HI test was performed in V- bottomed-microtitration plates. The test procedure was conducted as per the methodology described in the OIE Manual (2002). For preparation of 1% chicken red blood cells (RBCs) used in the test, blood was taken from three Deshi chickens that had not been primed with Newcastle disease vaccine. These collected RBCs were pooled in an equal volume of Alsever's solution. After that, collected RBCs were washed thrice in phosphate buffered saline (PBS) before using as a 1% (packed cell v/v) suspension. Serum was tested in two fold dilutions. For virus suspension 8 HAU of 'F' strain of NDV was used. For negative control, SPF chicken serum supplied from Bio-check, Holland was used. For positive control, pooled serum collected from 5 chickens at 21 days post vaccination with RDV was used. Four log2HI titer to NDV was considered the protective threshold against ND; titer below this was categorized as non-protective (OIE 2002).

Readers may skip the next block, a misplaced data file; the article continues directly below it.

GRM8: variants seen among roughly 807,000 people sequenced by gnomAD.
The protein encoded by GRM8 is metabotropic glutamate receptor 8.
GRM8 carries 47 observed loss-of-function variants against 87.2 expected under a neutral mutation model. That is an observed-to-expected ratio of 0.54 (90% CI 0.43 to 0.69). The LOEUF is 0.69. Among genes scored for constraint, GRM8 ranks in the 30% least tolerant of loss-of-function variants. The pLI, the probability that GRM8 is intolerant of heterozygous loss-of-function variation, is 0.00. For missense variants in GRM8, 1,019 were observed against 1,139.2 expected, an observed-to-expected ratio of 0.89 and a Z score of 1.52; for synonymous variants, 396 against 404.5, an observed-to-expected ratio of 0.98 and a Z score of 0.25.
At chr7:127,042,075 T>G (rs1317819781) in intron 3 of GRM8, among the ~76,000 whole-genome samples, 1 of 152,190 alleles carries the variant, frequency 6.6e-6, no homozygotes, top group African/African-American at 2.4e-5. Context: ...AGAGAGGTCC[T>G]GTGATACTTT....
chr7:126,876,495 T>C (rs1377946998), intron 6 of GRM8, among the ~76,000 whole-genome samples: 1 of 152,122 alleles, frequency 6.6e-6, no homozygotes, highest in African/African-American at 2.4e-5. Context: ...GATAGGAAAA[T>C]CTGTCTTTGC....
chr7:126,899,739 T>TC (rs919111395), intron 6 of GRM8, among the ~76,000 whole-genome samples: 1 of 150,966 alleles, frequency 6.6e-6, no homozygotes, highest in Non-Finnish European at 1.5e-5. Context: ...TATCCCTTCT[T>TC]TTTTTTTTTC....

Data analysis

All data were entered in the computer program MS EXCEL (Microsoft Co.) for descriptive and inferential statistics and data summary. Univariate analysis was done to assess the immunity status of Sonali chickens against ND and to compare this variable in temporal and spatial samples a χ2 test was applied.


Results and discussion